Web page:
Farmlab Public Salon
Allan Ides + Linda Pollack
Friday, October 3, 2008 @ Noon
About the Salon
The Constitution is a river that's ever-changing. It ebbs and flows. Sometimes it floods. Sometimes it is dry. At times the Constitution responds to cataclysms. In this salon, Constitutional Scholar Allan Ides and artist Linda Pollack discuss the U.S. Constitution. Specifically, Pollack will speak about lessons learned through her projects which aspire to bolster constitutional democracy, including "My Daily Constitution", the HABEAS LOUNGE, and HABEAS VOTE. Professor Ides will share his insights about the Constitution, highlighting the the composition of the U.S. Supreme Court, and the resulting states of constitutional democracy that it produces.
About the Salon Participants
Allan Ides is the James P. Bradley Professor of Constitutional Law at Loyola Law School, Los Angeles. Ides graduated summa cum laude from Loyola Law Schol in 1979. He served as a law clerk to the Honorable Clement F. Haynsworth, Jr., Chief Judge of the United States Court of Appeals for the Fourth Circuit from 1979-80 and then clerked for the Honorable Byron R. White, Associate Justice of the United States Supreme Court from 1980-81. Professor Ides joined the Loyola Law School faculty in the fall of 1982 and served as Associate Dean for Academic Affairs from 1984-87. From 1989-97, Professor Ides was a member of the law school faculty at Washington & Lee in Lexington, Virginia. He returned to Los Angeles and to Loyola in Fall 1997. He has written extensively in the areas of Constitutional Law and Civil Procedure and is actively involved in various public service projects, ranging from civil rights litigation to the representation of individuals in deportation proceedings.
Linda Pollack studied finance and economics at Penn State University, and art at the Vrije Akademie (The Hague) and the Jan van Eyck Academy (Maastricht) in the Netherlands. She spent a decade in the Netherlands, eventually combining her art practice with broader cultural interventions through her work as a program director for the Amsterdam-based European Cultural Foundation. There she set up APEXchanges, a groundbreaking arts mobility fund that addressed post-cold war Europe's east / west cultural and economic divide. Linda also developed initiatives promoting reconciliation and civil society in war-torn Yugoslavia, with Haris Pasovic and his Sarajevo Festival Ensemble, and Macedonian rock stars "Leb i Sol", among others. It was in this period, while immersed in her civil-society building work that Linda directed her art practice to the dynamics and visual culture of (aspiring) democracies. In 1996, Linda returned to the U.S. to pursue her MFA in New Genres at UCLA, eventually receiving her MFA from the Visual Arts Department of UCSD.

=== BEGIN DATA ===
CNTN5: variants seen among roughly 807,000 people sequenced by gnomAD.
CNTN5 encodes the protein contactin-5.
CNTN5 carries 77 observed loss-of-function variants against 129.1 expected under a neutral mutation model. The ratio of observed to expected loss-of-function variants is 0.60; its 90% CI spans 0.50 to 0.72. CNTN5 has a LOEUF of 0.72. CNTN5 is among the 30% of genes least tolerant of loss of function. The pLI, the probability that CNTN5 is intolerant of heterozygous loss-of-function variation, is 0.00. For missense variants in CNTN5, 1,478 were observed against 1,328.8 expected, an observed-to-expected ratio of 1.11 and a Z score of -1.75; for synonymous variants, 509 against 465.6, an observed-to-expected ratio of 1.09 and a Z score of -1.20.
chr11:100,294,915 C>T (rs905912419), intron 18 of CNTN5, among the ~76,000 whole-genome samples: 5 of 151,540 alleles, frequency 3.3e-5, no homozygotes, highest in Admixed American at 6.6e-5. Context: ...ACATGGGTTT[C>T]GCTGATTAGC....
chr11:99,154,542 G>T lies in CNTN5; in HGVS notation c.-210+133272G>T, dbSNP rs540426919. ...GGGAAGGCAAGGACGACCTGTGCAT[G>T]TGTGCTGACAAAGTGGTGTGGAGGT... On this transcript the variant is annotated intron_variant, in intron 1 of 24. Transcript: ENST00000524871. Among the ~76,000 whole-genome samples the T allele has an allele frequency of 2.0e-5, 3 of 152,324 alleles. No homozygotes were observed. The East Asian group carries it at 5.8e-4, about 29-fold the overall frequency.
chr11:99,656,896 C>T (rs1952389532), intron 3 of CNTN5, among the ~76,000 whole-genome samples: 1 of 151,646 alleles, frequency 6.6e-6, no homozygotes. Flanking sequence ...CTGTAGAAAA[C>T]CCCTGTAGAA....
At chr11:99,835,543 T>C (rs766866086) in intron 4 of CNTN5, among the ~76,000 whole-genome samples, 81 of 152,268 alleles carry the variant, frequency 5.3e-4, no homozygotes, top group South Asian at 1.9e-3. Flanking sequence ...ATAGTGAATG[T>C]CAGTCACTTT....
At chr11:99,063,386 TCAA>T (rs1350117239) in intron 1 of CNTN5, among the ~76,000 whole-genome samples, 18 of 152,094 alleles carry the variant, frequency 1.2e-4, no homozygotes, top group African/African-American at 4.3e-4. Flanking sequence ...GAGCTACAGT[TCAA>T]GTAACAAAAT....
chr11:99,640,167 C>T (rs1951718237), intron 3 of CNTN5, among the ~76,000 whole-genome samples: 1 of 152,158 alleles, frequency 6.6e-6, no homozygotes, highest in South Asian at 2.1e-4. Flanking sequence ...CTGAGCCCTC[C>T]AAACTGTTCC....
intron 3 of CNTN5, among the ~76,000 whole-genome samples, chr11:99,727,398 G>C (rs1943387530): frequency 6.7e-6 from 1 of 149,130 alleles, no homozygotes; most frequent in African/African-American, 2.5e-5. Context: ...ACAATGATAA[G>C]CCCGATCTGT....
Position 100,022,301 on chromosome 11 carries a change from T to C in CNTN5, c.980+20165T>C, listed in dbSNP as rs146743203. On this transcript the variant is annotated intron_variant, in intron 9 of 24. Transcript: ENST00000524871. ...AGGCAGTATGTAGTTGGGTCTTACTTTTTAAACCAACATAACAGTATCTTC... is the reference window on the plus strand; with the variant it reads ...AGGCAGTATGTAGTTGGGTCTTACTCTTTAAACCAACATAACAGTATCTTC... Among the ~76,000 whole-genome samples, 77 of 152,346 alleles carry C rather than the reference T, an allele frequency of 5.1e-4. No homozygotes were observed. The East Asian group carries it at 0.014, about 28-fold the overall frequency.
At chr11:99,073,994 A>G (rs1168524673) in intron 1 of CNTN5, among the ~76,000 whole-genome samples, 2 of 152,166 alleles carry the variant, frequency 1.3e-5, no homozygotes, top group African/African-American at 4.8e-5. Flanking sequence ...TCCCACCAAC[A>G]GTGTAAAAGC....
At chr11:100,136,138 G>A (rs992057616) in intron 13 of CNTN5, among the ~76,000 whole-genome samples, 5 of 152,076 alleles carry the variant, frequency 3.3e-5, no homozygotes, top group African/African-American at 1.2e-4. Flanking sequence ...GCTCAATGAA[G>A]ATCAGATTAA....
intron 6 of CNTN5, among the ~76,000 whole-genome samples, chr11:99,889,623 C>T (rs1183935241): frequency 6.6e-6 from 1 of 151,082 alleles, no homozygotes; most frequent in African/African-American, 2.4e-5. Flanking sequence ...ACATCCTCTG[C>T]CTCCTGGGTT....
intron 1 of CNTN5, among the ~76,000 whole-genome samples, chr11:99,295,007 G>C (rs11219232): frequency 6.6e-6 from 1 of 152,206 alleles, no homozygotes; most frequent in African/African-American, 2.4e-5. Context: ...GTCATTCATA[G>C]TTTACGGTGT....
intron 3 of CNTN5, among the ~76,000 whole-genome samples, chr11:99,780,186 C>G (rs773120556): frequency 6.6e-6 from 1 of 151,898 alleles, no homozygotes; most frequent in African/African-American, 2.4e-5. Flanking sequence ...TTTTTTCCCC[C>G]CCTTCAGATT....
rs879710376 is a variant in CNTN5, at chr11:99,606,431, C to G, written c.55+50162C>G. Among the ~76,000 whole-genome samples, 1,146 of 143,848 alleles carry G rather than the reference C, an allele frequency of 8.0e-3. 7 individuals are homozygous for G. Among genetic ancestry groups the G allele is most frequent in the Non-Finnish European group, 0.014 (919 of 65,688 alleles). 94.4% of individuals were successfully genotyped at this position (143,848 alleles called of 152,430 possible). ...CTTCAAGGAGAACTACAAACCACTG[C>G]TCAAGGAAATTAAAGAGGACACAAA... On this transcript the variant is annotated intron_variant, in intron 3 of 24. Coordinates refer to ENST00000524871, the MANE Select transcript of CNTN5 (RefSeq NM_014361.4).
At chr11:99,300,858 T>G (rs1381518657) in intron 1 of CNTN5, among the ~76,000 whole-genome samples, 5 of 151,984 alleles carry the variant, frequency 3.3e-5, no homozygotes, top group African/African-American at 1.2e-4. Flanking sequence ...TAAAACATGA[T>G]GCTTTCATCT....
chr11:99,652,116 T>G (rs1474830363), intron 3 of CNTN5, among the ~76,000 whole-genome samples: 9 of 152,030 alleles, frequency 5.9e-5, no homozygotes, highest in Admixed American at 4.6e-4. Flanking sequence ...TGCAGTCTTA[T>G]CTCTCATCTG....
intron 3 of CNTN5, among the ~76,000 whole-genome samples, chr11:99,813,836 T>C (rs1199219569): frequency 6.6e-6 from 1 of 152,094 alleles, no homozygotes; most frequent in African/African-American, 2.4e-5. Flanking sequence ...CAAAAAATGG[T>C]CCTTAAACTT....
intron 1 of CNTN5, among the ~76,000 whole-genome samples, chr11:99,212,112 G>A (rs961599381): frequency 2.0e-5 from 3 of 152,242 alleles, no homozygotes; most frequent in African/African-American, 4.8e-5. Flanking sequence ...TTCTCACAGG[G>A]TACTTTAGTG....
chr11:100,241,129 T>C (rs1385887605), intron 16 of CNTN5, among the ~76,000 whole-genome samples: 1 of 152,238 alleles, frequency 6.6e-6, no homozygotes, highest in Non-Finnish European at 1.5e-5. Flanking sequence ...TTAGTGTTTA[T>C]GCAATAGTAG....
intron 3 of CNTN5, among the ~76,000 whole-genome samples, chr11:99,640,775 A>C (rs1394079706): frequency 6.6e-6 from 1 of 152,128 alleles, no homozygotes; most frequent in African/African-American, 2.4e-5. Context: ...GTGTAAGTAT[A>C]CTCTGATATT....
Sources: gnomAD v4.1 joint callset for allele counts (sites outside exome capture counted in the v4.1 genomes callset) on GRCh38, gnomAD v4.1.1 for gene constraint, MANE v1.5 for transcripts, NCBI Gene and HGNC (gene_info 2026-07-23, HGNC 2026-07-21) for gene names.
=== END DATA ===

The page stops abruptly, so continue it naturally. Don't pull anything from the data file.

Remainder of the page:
In 2002, after learning of the passage of the USA PATRIOT ACT, Linda launched the project 'My Daily Constitution' as a tool to create discussion about constitutional democracy in the United States. She has held the series in Los Angeles, NYC, Seattle, Cincinnati, and Indianapolis. Last year Linda developed and curated the exhibition PATRIOT ACTS for the 18th Street Arts Center in Santa Monica. For the show, participating artists developed new works inspired by a series of dialogues with constitutional lawyers. Pollack developed her bright red, oval HABEAS LOUNGE seating installation as an accompaniment and a place based support for these events. After its six month run, the HABEAS LOUNGE migrated to downtown Los Angeles at the 7+FIG Art Space at Ernst & Young Plaza, where she created THE HABEAS INDEX, a forum of events, presentations and discussions about Los Angeles and Los Angeles issues. For the Presidential Election in November, the LOUNGE migrates east to the City University of New York (CUNY) Graduate Center's Art Gallery, as part of the exhibition PEOPLE WEEKLY, where Linda will catalyze a series of events -- including constitution readings -- aimed to bolster civil society during this pivotal time in U.S. history.
TOP: My Daily Constitution in Cincinnati, "The Constitutional Limits of the Police Use of Force," May 2003.
BOTTOM: The United States Constitution, Dunlap & Claypool, September 1787, edition of 500. Photographed by Linda Pollack, 2004.